Auction a fantastic success. Almost all the 300 tickets were sold, ensuring us a good profit.
We also had additional guests who each donated $15 to enjoy the great food and bands. We
are still waiting for some of the Silent Auction payments to be collected and will have and
update of the profit as soon as it becomes available.


Emmanuel Memorial Day 2018Members of Emmanuel UCC are shown
remembering the fallen at the Memorial Day
ceremony which also featured several area
American Legion Posts, color guard, choir,


Al Finn
rifle squad and taps by Al Finn of the
Mountain Top American Legion Post 781.

Aaron Kleger is “READY TO GRADUATE”
and also shown performing ‘LITTLE
WONDERS’ with classmate Megan Wood a
song by American singer-song writer Rob
Thomas, during Crestwood High S


Come out for a great camping trip at our Vacation Bible School. This year’s theme is SonRock Kids Camp, where kids build their lives on the Rock, Jesus! We will learn that we are

Accepted by  Jesus,
Protected by Jesus,
Saved by Jesus,
Forgiven by Jesus
and Living for

There are cool songs, spirited games, nature crafts, sweet treats and rock solid lessons, all with a camping theme. The Bible stories are based on the relationship between Jesus and Peter.

Accepted: Jesus chooses Peter as one of his disciples.

Protected: Jesus protects Peter when he
tries to walk on water.

Saved: Peter’s
confession that Jesus is Lord allows him

Forgiven: Even though Peter
denied knowing Jesus three times, Jesus
forgave him.

Living: Through the power of
Jesus, Peter heals a lame man.

Registration sheets are on the table in the narthex and there are posters for putting up around the neighborhoods, too. If possible, would you pre-register your child(ren) so that there is less confusion on the first day? I am also asking all adult and teen volunteers to fill out a form since it contains contact information in case of an emergency. If there are no registration sheets, please ask me to make more. Thanks.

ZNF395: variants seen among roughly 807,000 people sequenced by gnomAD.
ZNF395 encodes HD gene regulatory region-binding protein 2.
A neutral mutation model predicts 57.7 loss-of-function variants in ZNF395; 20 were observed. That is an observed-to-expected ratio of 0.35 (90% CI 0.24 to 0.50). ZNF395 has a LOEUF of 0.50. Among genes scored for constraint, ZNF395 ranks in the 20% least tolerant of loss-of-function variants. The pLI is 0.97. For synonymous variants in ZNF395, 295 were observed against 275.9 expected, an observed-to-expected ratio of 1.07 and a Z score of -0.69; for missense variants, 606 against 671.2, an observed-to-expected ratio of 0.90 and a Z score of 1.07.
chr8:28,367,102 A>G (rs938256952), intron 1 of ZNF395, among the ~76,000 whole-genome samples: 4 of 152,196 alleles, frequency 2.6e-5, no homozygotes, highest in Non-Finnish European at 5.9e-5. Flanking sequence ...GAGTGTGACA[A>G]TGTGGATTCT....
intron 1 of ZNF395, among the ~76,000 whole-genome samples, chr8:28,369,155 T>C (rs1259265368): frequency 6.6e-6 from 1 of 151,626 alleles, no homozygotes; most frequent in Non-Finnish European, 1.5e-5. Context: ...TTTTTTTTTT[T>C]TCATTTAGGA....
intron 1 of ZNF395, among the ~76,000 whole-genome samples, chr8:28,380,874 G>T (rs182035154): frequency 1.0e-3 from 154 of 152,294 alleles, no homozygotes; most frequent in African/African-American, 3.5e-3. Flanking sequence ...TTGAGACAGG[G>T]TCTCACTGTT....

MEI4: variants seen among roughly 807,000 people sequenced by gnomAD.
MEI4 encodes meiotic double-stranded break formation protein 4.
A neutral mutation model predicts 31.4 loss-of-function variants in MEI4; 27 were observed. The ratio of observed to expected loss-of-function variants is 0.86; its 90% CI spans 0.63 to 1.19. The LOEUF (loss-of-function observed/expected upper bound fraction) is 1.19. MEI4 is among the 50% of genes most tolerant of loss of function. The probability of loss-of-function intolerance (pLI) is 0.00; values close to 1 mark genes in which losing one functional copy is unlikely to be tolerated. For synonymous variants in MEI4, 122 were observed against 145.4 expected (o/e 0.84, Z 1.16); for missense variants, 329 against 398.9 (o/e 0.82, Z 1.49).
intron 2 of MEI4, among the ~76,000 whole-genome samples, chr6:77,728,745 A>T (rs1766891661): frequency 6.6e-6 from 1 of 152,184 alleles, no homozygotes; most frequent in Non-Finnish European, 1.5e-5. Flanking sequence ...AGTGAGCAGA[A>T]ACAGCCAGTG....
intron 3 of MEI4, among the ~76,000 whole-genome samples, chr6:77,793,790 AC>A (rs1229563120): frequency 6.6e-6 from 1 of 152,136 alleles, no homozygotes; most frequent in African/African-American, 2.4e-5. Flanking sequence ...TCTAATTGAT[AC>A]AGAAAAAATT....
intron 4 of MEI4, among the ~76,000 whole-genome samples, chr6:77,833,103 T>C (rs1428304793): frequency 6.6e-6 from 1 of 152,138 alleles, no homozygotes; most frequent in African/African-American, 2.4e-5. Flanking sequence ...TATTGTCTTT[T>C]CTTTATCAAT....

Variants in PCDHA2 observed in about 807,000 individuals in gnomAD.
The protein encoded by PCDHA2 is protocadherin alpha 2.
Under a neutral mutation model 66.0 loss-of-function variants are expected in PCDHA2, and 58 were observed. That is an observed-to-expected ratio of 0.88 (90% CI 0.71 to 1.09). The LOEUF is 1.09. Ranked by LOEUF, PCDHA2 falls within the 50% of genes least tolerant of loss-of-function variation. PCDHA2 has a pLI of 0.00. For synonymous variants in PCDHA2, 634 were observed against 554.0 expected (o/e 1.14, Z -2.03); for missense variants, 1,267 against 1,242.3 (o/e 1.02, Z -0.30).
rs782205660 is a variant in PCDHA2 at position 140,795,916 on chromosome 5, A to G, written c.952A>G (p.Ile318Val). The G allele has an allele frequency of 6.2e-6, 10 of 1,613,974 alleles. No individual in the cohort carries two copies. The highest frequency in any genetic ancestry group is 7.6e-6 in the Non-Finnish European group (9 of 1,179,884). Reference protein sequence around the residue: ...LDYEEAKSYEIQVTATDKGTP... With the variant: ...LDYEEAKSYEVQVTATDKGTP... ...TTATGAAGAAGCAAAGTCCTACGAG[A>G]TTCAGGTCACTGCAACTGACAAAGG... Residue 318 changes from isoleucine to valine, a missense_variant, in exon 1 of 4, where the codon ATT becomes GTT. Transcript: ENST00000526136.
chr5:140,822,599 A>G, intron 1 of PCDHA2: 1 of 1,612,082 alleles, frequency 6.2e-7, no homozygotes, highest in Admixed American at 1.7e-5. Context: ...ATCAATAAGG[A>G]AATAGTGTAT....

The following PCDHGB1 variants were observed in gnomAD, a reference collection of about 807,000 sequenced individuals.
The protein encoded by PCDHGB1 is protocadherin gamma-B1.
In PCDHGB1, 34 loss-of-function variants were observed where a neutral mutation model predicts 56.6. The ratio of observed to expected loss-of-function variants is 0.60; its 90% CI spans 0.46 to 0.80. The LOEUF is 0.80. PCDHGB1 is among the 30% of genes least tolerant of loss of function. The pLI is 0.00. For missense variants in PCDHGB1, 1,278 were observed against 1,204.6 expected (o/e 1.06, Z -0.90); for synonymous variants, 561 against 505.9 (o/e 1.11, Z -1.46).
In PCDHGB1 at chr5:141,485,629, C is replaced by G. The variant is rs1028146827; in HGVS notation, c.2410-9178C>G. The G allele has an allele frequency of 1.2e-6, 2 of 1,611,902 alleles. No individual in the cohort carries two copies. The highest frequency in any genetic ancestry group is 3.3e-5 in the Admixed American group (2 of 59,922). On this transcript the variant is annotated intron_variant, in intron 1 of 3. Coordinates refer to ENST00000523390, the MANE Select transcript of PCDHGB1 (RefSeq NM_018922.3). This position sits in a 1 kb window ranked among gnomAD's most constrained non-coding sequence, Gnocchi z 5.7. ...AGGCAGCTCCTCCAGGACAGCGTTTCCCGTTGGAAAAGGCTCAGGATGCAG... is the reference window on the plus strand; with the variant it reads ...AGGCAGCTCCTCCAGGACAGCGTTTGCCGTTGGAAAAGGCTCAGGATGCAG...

At our last meeting on May 25, we made some of our props for the different areas. We will need to complete them when we do the final decoration on July 21. We were so busy with decorations that we forgot to set a date for our next meeting. I will try to get that publicized so everyone who wants to participate will know about it. That meeting will be to ensure we have all props for the skits and station areas so that decorating on the 21st will go smoothly. We also need a Mission Project. Please see me with any ideas. In the past, we gave to GoJoe, Janet Weiss Children’s Hospital, and local families with children who had serious medical needs.
I’d like to thank everyone who helped clean up and out old VBS materials. I’m not sure who they all are, but they got things where they needed to be so that they could be gone through and sorted.


Emmanuel UCC

Youth Group News

The Youth Group will be helping with refreshments at the Old River Church Service to be held on July 15th.
**A meeting will be held prior to the service the time is To Be Announced.
**The Youth Group will be going to Beech Mountain Lake Area on July 29th. They will meet at the church at 1:30 pm.
** Leah Dietrich, Brooke Rinehimer and Morgan Hodle will be going on the mission trip to Blue Knob, Pa July 8th – 14th.

Youth Group visit to Mureille’s Place

Please join the Youth Group tomorrow,  June 10th for our trip to Mureille’s Place. All youths from the ages of 10-teens are welcome to attend and we cordially invite everyone from outside of the Emmanuel family as well. We will meet at Emmanuel UCC at 2:30 PM where we will gather the donations and head to Mureille’s Place from 3PM until around 4PM. At that time we will help with feeding, cleaning, and any other help that is needed at the senior dog sanctuary.

Mureille's Place

Donations will be accepted up until Sunday afternoon. A donation bin has been setup in the Narthex of Emmanuel UCC. Tax deductible donation information can be found at Murielle’s Place website:


[Thanksgiving] I always thank my God for you because of his grace given you in Christ Jesus. For in him you have been enriched in every way—with all kinds of speech and with all knowledge— — 1 Corinthians 1:4-5 (NIV)